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Amateur sleuths crack North Korean secrets

Ben Grubb (via SMH) | May 27, 2013
Not only have they been successful in predicting recent rocket launch dates, they have also been able to use the imagery to identify expansions of prisons and changes to key landmarks.

David Jorm.
David Jorm presenting at the AusCERT security conference. Photo: Ben Grubb

An online community of amateur satellite sleuths are gathering intelligence about North Korea by comparing historical differences in publicly accessible satellite imagery.

Not only have they been successful in predicting recent rocket launch dates, they have also been able to use the imagery to identify expansions of prisons and changes to key landmarks. More recently, they were able to identify satellite dish upgrades to the country's main TV station, KCTV.

This is no longer [government's] exclusive domain. With the data that is now publicly or commercially available independent individuals can also do this [satellite] analysis. 

David Jorm, amatuer satellite sleuth

David Jorm, who studies geography and mathematics at the University of Queensland and plans to travel to North Korea in October, spoke of the online communities on Wednesday at the AusCERT security conference on the Gold Coast.

A slide shows two satellite images comparing a rocket launch site on two different days.
A slide shows two satellite images comparing a rocket launch site on two different days. Photo: Ben Grubb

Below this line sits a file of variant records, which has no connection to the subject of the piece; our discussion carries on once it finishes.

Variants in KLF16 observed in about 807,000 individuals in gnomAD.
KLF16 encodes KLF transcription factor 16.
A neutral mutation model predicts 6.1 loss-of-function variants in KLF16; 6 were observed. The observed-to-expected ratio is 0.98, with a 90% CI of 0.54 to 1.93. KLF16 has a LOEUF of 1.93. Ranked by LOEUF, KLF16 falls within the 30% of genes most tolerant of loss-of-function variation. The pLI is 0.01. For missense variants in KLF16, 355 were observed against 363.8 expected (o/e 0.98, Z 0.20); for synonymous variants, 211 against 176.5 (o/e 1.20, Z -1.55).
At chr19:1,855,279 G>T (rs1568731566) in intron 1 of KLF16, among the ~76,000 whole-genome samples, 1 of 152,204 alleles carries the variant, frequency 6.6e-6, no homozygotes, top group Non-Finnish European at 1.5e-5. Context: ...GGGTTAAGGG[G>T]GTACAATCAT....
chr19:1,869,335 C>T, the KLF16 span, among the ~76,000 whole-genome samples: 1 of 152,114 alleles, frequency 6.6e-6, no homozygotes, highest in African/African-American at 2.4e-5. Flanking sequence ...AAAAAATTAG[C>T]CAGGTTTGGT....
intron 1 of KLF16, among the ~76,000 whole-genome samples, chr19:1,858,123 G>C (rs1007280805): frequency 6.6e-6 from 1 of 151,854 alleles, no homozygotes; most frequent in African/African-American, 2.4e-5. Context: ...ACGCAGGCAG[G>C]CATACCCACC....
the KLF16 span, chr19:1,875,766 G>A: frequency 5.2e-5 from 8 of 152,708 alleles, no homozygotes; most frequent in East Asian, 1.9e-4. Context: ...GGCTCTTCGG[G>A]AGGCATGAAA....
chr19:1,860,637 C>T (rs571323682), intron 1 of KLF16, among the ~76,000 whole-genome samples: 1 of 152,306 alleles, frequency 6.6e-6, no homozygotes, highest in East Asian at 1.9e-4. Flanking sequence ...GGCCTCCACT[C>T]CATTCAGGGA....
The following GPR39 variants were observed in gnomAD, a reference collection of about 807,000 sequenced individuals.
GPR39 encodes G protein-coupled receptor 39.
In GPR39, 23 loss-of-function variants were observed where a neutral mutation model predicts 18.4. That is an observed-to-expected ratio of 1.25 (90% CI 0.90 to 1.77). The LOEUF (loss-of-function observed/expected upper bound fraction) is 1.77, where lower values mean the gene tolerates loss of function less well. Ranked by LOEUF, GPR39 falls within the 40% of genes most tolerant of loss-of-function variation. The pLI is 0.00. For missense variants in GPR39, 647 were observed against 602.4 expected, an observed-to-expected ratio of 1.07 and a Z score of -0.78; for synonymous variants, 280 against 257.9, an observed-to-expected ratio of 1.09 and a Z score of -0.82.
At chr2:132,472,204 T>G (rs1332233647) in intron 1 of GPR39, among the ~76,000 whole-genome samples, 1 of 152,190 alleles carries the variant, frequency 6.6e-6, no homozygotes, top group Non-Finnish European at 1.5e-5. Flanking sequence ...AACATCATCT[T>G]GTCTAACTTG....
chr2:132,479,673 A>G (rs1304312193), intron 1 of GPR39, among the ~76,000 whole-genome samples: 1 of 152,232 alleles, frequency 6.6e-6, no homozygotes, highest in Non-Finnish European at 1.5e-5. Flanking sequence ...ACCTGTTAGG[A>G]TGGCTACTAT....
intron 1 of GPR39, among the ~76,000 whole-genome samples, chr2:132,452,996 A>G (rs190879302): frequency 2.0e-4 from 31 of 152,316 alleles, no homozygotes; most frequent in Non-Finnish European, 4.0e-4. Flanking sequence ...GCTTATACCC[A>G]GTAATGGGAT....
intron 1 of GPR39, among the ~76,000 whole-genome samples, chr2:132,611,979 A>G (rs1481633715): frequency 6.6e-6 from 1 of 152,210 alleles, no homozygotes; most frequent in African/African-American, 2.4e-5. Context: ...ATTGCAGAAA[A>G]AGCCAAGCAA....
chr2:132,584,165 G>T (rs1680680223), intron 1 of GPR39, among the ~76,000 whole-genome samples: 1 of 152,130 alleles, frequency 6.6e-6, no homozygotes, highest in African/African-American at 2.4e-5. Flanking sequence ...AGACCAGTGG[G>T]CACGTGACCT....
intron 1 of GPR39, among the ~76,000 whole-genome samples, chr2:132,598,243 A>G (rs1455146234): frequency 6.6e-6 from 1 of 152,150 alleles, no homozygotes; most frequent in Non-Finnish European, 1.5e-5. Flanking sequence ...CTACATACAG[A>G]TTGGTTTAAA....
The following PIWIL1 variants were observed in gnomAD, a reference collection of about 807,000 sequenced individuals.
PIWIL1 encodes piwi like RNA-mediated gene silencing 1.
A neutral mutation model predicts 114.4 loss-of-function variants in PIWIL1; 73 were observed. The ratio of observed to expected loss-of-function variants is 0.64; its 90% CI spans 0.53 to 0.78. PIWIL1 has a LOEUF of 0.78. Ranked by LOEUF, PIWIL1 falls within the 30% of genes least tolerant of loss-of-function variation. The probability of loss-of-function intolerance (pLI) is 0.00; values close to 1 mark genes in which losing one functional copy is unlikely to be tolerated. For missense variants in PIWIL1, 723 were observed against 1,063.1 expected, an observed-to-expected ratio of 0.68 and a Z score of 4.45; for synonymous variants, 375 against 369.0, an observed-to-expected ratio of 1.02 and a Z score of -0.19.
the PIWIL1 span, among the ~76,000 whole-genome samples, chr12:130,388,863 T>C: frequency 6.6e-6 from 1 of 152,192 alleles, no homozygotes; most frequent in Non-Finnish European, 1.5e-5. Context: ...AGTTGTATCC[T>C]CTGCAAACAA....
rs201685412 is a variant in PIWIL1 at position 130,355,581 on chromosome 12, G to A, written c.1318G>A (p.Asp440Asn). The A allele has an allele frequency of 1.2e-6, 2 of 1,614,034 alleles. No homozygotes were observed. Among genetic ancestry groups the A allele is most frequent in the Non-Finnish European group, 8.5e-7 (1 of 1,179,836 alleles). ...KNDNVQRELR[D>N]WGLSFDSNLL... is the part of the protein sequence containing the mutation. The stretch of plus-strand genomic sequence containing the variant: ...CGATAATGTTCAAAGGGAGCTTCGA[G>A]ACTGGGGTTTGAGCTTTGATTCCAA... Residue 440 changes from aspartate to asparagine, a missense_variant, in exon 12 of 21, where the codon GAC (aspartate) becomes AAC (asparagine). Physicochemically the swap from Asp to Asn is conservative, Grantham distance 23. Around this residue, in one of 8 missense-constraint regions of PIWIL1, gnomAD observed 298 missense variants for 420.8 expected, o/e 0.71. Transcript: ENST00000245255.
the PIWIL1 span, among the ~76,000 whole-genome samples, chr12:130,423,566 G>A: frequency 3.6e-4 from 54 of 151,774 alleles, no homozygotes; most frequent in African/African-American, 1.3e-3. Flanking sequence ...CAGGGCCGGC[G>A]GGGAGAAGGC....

Mr Jorm began to gain an insight into North Korea after conducting a study that looked at historical differences in satellite imagery to determine whether or not harvesting crops before they were ready during the 1994 to 1998 famine would have had a long-term agricultural impact on the nation.

He said the communities had been using satellite imagery from organisations like DigitalGlobe for a number of years now to perform their own "guerrilla intelligence" on North Korea. What they found was often remarkable, he said.

One of the most prominent landmarks uncovered was what Mr Jorm likes to call the late Kim Jong Il's "pleasure palace" in Pyongyang, which is built into a valley, presumably so it can't be seen from the outside. It has a horseracing track, waterslide and underground railway station.

A slide showing what appears to be an underground air base in North Korea.
A slide showing what appears to be an underground air base in North Korea. Photo: Ben Grubb

Another is an underground air base that appears to run straight through the middle of a mountain. "The idea is that they can fly out of the mountain and store military aircraft inside it so you can't just bomb the airfield and get rid of all the aircraft. It's so cool," Mr Jorm said.

In recent times, however, amateurs have turned their attention to imagery related to the numerous rocket launches North Korea has been conducting. In turning their attention to the rockets, they have been able to predict (sometimes down to the day) when a launch might occur.

 

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